Paul Lambert admits his previous experiences in football - most notably at Celtic - have helped prepare him for the current scrap to keep Aston Villa in the Barclays Premier League.
Villa will go into this evening's home clash with Arsenal occupying a bottom three spot for the first time in two years since the Gerard Houllier era.
Lambert retains faith in his players to survive but is battle-hardened for the tasks ahead.
He said: "I was fortunate I played for the big clubs because you tended to handle a lot of media stuff and pressure and all that.
"At Celtic you were probably a second away from being hopeless because of the pressure! You tend to deal with it.
"Celtic was absolutely brilliant for that. It really made you thick-skinned and you'd get your head down and get on with it because of the demands of the public.
"It's the same scenario as a manager, but you battle through it. You try not to wilt under it, you keep going.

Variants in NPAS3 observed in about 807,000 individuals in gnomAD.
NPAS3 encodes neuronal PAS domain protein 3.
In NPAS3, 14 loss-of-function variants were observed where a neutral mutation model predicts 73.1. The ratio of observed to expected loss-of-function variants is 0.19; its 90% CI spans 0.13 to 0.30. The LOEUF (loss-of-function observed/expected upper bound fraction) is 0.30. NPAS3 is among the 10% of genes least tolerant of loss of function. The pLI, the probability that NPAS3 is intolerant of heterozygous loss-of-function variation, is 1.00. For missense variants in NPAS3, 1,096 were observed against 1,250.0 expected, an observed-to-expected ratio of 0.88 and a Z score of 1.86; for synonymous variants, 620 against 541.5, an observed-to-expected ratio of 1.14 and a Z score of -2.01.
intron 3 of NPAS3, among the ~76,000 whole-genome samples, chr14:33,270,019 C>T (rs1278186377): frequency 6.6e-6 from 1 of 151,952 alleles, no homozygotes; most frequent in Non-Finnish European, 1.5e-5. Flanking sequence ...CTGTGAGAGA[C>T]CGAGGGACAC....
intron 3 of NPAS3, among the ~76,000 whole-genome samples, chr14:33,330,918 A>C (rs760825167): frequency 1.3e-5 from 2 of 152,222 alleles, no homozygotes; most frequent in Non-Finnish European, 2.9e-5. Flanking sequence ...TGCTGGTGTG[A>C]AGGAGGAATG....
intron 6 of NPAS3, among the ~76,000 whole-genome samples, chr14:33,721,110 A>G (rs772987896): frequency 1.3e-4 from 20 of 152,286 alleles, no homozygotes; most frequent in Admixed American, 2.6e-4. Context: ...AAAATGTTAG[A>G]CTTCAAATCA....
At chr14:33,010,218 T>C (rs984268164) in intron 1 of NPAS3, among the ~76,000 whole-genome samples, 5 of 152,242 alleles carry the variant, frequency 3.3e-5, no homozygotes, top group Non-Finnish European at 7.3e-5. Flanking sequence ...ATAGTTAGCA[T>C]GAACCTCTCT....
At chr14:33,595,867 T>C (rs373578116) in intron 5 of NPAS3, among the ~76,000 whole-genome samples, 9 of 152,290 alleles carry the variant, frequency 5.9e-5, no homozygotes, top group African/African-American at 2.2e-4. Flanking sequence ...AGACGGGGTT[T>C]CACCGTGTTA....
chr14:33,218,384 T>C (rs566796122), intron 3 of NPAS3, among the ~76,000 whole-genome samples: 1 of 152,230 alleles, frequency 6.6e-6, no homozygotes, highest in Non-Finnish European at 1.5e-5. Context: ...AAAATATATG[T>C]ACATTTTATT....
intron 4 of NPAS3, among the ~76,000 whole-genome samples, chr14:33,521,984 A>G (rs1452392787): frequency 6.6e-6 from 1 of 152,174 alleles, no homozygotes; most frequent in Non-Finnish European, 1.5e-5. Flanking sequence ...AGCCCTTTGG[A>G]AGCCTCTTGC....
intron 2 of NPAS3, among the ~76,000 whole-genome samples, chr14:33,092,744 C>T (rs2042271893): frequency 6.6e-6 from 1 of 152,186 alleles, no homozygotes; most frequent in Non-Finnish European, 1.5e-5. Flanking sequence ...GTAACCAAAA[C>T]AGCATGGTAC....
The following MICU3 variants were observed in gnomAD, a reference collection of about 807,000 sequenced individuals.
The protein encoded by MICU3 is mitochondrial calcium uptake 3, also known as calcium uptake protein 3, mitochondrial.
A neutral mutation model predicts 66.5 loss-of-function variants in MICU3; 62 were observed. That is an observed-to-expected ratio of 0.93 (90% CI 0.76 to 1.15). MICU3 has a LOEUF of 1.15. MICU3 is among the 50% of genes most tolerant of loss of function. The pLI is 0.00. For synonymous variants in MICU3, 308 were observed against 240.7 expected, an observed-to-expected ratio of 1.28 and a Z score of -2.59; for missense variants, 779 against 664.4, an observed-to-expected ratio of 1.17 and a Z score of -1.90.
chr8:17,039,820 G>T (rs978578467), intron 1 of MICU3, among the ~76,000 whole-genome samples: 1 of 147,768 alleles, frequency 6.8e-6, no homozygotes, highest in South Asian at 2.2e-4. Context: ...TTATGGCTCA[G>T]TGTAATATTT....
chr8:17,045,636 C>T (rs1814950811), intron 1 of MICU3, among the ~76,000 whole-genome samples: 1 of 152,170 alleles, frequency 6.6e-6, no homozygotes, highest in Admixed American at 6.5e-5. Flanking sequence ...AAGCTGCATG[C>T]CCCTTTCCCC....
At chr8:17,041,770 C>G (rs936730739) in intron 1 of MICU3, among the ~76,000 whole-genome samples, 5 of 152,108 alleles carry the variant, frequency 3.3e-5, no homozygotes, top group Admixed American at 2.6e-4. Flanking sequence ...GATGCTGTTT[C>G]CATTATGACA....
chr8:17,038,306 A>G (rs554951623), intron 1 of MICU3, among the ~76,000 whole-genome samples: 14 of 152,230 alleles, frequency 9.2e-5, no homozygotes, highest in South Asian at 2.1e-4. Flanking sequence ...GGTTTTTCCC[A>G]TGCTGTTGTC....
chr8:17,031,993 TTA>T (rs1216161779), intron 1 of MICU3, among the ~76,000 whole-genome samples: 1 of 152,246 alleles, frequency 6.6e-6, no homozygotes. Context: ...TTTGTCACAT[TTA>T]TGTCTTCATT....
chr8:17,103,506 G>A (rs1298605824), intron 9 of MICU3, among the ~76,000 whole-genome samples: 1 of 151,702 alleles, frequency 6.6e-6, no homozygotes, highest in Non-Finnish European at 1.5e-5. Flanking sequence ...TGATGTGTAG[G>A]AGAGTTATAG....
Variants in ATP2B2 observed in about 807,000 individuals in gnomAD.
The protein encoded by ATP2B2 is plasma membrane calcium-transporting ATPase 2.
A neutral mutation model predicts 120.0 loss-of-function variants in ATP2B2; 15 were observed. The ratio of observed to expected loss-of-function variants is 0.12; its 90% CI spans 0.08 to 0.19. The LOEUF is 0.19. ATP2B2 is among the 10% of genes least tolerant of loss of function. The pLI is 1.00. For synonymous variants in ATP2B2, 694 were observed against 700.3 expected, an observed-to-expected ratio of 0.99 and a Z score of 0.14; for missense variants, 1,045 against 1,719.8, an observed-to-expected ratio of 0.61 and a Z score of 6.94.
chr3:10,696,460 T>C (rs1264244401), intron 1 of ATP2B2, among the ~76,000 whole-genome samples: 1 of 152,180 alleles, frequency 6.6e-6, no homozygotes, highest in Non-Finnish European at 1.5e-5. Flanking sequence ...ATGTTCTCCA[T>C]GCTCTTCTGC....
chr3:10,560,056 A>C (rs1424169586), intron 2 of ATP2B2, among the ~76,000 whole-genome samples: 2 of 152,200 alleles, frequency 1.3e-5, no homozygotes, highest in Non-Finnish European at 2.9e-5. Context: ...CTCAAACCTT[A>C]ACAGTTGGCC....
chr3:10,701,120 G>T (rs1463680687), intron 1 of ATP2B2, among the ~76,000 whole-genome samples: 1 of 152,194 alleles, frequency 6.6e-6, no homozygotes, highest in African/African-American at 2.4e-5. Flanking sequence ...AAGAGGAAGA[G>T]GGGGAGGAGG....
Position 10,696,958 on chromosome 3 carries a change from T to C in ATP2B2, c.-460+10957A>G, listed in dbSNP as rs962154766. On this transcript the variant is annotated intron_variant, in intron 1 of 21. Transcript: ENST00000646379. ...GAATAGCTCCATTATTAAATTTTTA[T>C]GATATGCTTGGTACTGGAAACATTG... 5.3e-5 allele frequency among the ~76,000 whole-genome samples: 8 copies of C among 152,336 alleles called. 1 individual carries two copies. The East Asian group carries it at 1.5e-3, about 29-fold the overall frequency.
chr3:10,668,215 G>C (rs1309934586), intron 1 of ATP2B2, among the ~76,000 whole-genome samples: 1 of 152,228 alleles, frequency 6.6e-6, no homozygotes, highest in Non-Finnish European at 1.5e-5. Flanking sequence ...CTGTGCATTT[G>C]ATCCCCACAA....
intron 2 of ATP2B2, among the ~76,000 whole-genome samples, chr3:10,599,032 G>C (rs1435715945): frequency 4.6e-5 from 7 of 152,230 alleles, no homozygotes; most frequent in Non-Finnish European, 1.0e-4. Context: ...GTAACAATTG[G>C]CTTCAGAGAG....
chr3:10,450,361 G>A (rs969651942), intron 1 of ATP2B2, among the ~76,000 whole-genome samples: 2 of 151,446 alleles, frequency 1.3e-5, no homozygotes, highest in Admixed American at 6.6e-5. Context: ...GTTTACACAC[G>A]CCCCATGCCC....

"That's why I always say the most important people at this football club are the players and the people that come and watch it."
Lambert insists the belief and confidence has been retained by his players and he views beating someone of Arsenal's quality as crucial as overcoming one of Villa's relegation rivals.
He said: "You certainly don't want to be where we are. It's not something that I'm used to.
"The thing for me is that the players don't lose heart and confidence. As soon as you lose that, then it becomes a major problem. I've not sensed that one bit.
"But we need to win games, including the Arsenal game. I always want to be beating the bigger teams as well.
"I don't look at the fixtures and say 'oh well, we're playing Arsenal so I'll disregard three points there'.
"I want to win and it's the same when you go and play the so-called not so big clubs that you want to win them.
"You've got to have that belief there that you can do it. I think that's important, no matter what."
Lambert insists he will not press the panic button during the January transfer window whatever Villa's league position is at that juncture.
He said: "Whatever will happen in January, will happen. At the end of December we'll see where we are and where we go from there.
"I don't think even when you get to January, I never panic. In some cases you can do that because of inflated prices and people wanting ridiculous money for players.
"That's something I won't do, I won't panic in the last week or so.
"We've got to stay in the league no matter what, even if that deal wasn't there. This is the best league to play in."